An older dog might work, but again, not if you're going to be out of the house all day. I think it's different if you have a dog and then have to go back to work full time, of course you can't be expected to get rid of your dog, and have to find a way to make it work. But personally I wouldn't consider taking on a dog knowing I wouldn't be home all day.

CountryGirl2007 Sun 28-Feb-10 15:37:45

A pair of older dogs should be fine if you can find somebody to call in around lunchtime to let them out and also give them a short walk in the morning and a long one in the evening.

flowerybeanbag Sun 28-Feb-10 15:48:56

I doubt you'd be allowed to get a rescue dog if there's no one at home. You couldn't leave a puppy either. When our dog was a puppy I wasn't working and had no DC to look after. I spent all day with him basically, outside every half an hour to encourage toilet training and watching him like a hawk all the time for signs that he might want to go to the toilet.

Older dog plus dogwalker/friend might work though.

bunglecat77 Thu 04-Mar-10 12:31:20

I used to work at a dog rescue charity, and their standard policy was that they wouldn't let a dog go to anyone who planned to leave the dog at home on its own for more than 4 hours on a regular basis. Could one of you work from home a few days a week maybe?

Some breeds need more company and more activity than others, too. For instance, a border collie is a working breed, and lots of them will go insane if they're not out and about for most of the day so they're best suited to people who work outdoors. Labradors don't need as much activity as collies, but they get very miserable on their own for long periods and often develop destructive habits.

That said, there are some people who manage fine. I know someone who has a dog flap for their miniature schnauzer, for example. But they all work shifts, arrange daycare or get a pet minding service or neighbour to come to their house each day and spend time with the dog. You need a service that does more than just toileting and walking.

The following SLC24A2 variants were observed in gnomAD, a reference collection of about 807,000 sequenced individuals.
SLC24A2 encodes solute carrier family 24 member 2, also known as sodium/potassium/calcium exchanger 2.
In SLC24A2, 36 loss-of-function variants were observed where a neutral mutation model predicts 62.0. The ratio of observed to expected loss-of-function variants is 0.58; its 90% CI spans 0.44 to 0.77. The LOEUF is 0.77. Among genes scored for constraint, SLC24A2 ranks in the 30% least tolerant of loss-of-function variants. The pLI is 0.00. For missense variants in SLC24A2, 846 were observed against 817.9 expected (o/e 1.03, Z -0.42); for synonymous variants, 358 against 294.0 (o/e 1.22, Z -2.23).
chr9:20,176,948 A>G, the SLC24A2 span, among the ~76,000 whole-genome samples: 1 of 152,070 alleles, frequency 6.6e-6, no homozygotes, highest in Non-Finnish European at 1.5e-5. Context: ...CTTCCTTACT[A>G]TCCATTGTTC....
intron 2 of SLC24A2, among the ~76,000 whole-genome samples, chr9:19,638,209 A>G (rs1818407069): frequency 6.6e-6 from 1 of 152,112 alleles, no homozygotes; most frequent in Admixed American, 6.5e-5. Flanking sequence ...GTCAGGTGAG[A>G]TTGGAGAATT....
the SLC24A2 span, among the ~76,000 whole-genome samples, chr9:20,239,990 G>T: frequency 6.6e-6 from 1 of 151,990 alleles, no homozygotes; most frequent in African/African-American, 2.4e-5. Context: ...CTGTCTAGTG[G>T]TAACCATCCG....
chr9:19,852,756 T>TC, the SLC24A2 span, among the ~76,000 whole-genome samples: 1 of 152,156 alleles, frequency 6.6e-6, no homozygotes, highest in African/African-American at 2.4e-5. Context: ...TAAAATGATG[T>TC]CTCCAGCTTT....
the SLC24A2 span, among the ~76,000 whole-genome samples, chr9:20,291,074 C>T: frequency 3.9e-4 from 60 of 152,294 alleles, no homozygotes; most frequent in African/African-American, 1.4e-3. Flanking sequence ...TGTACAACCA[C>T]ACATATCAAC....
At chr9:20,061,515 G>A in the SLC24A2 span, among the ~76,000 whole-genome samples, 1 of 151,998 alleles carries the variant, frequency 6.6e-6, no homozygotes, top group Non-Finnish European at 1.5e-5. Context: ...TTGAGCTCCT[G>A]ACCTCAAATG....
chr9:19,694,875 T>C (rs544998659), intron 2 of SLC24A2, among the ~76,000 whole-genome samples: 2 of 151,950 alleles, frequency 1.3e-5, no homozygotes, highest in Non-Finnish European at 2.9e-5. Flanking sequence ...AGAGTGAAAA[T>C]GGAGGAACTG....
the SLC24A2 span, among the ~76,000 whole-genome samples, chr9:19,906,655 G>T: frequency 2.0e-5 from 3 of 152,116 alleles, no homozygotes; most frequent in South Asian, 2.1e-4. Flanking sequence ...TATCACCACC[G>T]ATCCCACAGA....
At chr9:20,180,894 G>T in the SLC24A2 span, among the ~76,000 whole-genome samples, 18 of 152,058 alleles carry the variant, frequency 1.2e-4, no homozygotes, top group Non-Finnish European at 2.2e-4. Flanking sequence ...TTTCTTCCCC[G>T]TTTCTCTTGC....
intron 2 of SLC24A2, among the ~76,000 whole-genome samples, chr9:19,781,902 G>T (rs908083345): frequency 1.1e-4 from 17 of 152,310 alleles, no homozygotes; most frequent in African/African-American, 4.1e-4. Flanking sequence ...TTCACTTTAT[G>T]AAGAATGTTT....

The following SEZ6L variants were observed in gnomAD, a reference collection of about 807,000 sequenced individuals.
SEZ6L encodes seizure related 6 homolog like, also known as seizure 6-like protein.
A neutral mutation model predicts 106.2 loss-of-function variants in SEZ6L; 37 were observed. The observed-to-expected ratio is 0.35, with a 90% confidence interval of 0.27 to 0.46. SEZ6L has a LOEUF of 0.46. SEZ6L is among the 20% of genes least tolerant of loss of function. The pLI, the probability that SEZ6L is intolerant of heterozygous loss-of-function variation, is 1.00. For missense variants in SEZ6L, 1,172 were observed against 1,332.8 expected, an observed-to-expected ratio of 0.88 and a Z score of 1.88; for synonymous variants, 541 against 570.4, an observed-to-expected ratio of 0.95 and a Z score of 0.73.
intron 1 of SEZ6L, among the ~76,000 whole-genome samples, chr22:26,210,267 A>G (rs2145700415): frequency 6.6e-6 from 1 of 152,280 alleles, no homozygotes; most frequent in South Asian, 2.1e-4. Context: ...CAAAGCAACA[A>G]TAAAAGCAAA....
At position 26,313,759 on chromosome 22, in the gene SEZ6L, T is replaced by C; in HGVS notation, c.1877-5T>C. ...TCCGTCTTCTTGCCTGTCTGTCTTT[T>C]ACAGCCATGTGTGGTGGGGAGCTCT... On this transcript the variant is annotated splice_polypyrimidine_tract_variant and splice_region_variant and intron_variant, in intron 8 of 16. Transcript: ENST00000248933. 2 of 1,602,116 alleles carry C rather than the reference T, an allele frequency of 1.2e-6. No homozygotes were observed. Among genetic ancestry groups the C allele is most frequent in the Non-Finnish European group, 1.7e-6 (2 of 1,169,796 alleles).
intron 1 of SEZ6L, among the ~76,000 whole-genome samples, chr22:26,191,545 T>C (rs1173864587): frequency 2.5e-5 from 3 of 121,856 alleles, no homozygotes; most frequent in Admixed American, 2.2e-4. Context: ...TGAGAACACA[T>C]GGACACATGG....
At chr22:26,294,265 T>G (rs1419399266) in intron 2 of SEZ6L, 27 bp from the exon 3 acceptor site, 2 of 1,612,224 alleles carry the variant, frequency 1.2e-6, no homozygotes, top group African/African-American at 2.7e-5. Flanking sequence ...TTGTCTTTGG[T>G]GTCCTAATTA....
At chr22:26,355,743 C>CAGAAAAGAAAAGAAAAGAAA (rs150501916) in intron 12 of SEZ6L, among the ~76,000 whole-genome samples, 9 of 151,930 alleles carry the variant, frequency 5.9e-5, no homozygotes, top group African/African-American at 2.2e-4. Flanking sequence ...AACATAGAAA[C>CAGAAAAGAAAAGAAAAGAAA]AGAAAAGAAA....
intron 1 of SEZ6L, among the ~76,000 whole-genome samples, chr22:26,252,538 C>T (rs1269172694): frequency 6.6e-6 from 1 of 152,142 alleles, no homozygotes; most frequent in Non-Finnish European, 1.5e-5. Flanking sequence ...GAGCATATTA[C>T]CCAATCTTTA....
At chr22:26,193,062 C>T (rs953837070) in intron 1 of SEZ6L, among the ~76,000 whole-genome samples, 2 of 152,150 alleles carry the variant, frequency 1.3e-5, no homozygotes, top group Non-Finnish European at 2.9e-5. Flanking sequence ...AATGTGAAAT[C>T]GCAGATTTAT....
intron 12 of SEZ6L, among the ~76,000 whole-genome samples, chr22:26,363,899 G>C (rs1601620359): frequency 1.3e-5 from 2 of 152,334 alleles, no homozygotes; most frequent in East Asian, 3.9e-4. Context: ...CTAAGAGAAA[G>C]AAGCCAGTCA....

If your dog doesn't get enough company, he's very likely to:
be slow to learn training
urinate and defecate in your home
chew anything and everything - I've known dogs that have even chewed walls
become agitated, seeking attention when you're at home
become unfit and listless
bark when you go out
try to escape from your house and garden
generally drive your neighbours nuts

All of this goes double for puppies.

Dogs make great pets, but I'd honestly suggest you get cats instead.

iggypiggy Thu 04-Mar-10 12:37:57

Ok - I work full time and a have a dog that I have had from a puppy. it is do-able grin but not cheap..

With my now 3 1/2 yr old adult dog - this is his routine:

Walk with me at 7am for approx 40 mins
I leave for work at 8.30am
Dog Walker arrives at 11.30am and takes him for first walk with her - she keeps him with her until 3.30pm (approx - he is sometimes back at 4- 4.30pm depending on what else she is doing) and he gets 2 walks in that time - the rest of the time is at her house/ in her garden.
I arrive home at 5.30pm (sometimes my husband gets home earlier, but his job means he works random hours).
I take him out on a road walk/ wander at some point in the evening too.

As a puppy - the routine was differnt - I can share that with you if you like. Basically I never leave him for more than 3hrs at a time.

So it can be done, and I think my dog is v. happy. smile

iggypiggy Thu 04-Mar-10 12:42:45

Incidentally - I do wish people wouldn't say you can't have a dog and work full time - you can BUT you need to have a good dog walker/ minder and you need to be able to afford to pay for that.

I also work 10 mins drive from home - so if for any reason the dog walker can't make it - I pop back and walk him/ let him out during the day - which my job allows me to do as it is so rare.

Another thing that is important is to spend alot of time with your dog when you are there - eg. i do gundog training with mine (classes at weekends and practice at home)

I do really hate it when people leaves dogs all day when they go out for work tho sad - I just don't think it is fair. And i know a few people that do this...